Christianity vs. Islam in Isaiah

You may be excused for thinking that Isaiah 56:1 sounds a bit Islamic. God tells his people, “Maintain justice and do righteousness”.  

Islam teaches that a Muslim earns Allah’s favour by doing good deeds and keeping the five pillars of Islam – testimony, prayer, alms-giving, fasting, and taking a pilgrimage to Mecca.  You do righteousness in order to hopefully be righteous.   Is this what Isaiah is teaching?

Islamic “Christianity”

Often we are tempted to have this same Islamic view as Christians.  We often are tempted to do things to curry God’s favour and earn his love. These things may be good things like Bible reading, prayer and showing mercy, but we do them in order to be in God’s good book, to be righteous.  We are constantly striving to rack up God-points in the hope that God will one day be happy enough with us to allow us into heaven.

The gospel according to Isaiah

This is not what Isaiah is teaching.  Isaiah would have fundamentally disagreed with Mohammed!  According to Isaiah 5:7 God looked for righteousness in his people but found none, “he looked for justice, but saw bloodshed; for righteousness, but heard cries of distress”.   Even more depressingly, Isaiah says that even our best good deeds make us look like filthy beggars before God. Isaiah 64:6 says, “All of us have become like one who is unclean, and all our righteous acts are like filthy rags”.

God demands righteousness but finds filth.  What are we to do?

The astounding news, according to Isaiah, is that God – knowing we have no righteousness of our own – gives us his righteousness!  Isaiah 61:10 says, “I delight greatly in the LORD; my soul rejoices in my God. For he has clothed me with garments of salvation and arrayed me in a robe of righteousness…”

How will God do this?  Isaiah tells us of the suffering servant who “after the suffering of his soul, he will see the light of life and be satisfied; by his knowledge my righteous servant will justify (“make righteous”) many, and he will bear their iniquities.”  A righteous servant will bear the punishment deserved by the unrighteousness and make them righteous instead.  Jesus was that servant.  A famous verse in the New Testament says, “God made him who had no sin to be sin for us, so that in him we might become the righteousness of God.” (2 Corinthians 5:21)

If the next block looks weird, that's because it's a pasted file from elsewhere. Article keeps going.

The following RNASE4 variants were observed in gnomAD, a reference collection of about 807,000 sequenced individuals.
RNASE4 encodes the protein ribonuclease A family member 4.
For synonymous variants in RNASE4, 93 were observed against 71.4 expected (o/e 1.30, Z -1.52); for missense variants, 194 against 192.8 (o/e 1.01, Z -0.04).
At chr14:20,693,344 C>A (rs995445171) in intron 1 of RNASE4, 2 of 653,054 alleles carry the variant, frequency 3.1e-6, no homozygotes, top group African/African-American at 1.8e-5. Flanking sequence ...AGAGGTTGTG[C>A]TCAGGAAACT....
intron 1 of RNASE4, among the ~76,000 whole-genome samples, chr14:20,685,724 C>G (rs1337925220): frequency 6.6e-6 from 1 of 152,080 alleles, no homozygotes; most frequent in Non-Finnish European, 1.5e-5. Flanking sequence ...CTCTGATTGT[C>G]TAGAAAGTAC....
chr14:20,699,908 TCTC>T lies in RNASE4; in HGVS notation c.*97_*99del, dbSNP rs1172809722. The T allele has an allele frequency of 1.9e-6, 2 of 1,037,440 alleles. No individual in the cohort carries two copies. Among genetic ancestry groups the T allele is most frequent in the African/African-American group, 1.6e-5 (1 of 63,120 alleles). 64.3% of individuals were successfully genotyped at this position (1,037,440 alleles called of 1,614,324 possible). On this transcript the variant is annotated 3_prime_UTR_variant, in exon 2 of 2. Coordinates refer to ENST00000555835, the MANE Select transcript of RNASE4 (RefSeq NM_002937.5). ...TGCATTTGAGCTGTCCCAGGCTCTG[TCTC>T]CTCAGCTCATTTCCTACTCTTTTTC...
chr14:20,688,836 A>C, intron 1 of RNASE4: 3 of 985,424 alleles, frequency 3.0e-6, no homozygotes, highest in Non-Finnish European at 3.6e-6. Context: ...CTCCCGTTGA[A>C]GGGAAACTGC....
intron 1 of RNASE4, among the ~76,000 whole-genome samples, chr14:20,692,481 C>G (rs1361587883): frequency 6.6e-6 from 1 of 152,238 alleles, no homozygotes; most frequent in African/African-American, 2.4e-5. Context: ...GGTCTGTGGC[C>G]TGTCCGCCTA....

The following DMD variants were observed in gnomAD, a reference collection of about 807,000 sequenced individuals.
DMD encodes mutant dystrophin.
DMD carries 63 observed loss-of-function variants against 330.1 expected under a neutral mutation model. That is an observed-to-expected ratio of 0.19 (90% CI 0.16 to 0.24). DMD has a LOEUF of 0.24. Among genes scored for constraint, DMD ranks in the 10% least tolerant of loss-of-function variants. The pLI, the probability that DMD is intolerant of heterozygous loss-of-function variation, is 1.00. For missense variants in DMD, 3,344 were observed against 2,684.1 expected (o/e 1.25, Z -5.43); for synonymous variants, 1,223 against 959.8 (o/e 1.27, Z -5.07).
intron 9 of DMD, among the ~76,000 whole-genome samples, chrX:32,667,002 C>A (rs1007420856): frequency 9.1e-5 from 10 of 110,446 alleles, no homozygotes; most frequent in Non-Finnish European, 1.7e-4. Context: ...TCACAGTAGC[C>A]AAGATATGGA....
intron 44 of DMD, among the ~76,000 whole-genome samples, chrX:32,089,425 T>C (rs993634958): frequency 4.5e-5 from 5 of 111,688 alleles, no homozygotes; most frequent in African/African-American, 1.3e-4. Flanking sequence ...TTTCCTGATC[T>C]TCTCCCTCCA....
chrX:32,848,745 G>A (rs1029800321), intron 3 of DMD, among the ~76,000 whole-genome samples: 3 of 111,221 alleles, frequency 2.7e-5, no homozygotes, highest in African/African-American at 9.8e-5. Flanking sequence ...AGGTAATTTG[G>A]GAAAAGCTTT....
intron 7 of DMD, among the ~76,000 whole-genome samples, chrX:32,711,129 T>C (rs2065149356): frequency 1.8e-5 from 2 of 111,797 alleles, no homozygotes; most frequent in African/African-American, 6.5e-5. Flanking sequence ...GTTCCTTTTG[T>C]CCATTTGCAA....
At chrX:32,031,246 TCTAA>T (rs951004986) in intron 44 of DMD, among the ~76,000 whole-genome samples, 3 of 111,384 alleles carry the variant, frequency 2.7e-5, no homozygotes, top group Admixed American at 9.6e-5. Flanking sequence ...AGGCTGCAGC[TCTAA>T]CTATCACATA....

Righteous living

In Isaiah 56:1 God is addressing his saved people who are returning to Jerusalem from captivity.  God says, “As my saved people, as a response to my salvation and my righteousness, you in turn are to maintain justice and do righteousness”.  Once we’ve been declared righteous by God’s grace through faith in Jesus, we are called to do righteousness; not to earn God’s favour, but as a response to God’s favour.  Righteous living is an integral aspect of the believer’s life. 

Not only on Sundays

Doing righteousness means living in the way God’s considers right.  It implies not getting drunk on Saturday knowing you can ask for forgiveness on Sunday.  It involves not singing in the pew on Sunday and then continuing your adulterous affair with your secretary on Monday.  It entails not preaching from the pulpit on Sunday and watching porno on Tuesday.  According to the next verse, it means submitting your whole life to God’s word as revealed in his covenant. (Isaiah 56:2)

This is what the LORD says: “Maintain justice and do righteousness, for my salvation is close at hand and my righteousness will soon be revealed.

Blessed is the man who does this, the man who holds it fast, who keeps the Sabbath without desecrating it, and keeps his hand from doing any evil.” (Isaiah 56:1-2)

“The nations will see your righteousness, and all kings your glory; you will be called by a new name that the mouth of the LORD will bestow”.  (Isaiah 62:2)